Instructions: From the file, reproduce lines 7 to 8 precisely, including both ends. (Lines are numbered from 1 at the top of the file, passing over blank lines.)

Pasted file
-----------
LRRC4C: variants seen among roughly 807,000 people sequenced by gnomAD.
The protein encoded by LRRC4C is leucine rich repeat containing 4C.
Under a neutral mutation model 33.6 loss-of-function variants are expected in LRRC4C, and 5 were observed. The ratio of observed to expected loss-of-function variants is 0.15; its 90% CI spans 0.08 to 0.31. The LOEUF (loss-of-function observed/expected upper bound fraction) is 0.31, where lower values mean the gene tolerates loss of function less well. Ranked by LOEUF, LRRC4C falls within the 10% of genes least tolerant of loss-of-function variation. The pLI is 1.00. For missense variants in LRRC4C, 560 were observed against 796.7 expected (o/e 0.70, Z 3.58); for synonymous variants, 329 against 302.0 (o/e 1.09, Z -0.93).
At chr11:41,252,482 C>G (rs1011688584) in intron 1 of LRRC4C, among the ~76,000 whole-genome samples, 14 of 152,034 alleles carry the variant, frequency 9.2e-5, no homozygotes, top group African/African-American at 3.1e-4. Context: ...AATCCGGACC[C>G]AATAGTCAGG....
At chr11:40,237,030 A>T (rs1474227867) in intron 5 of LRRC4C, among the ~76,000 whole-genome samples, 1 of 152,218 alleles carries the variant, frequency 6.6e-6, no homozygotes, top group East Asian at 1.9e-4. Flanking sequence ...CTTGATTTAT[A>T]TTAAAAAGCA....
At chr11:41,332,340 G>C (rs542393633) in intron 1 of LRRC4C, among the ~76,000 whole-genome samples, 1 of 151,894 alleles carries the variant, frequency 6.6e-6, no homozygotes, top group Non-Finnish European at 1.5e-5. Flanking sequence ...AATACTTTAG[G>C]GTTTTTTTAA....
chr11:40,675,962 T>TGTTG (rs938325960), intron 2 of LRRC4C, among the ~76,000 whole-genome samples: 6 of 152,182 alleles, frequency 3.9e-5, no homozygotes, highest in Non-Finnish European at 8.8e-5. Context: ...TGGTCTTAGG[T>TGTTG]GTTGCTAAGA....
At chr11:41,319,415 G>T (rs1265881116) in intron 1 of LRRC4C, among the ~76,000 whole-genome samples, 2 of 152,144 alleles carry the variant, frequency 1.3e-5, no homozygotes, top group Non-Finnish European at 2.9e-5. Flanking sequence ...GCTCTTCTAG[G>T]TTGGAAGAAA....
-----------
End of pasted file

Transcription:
chr11:40,675,962 T>TGTTG (rs938325960), intron 2 of LRRC4C, among the ~76,000 whole-genome samples: 6 of 152,182 alleles, frequency 3.9e-5, no homozygotes, highest in Non-Finnish European at 8.8e-5. Context: ...TGGTCTTAGG[T>TGTTG]GTTGCTAAGA....
At chr11:41,319,415 G>T (rs1265881116) in intron 1 of LRRC4C, among the ~76,000 whole-genome samples, 2 of 152,144 alleles carry the variant, frequency 1.3e-5, no homozygotes, top group Non-Finnish European at 2.9e-5. Flanking sequence ...GCTCTTCTAG[G>T]TTGGAAGAAA....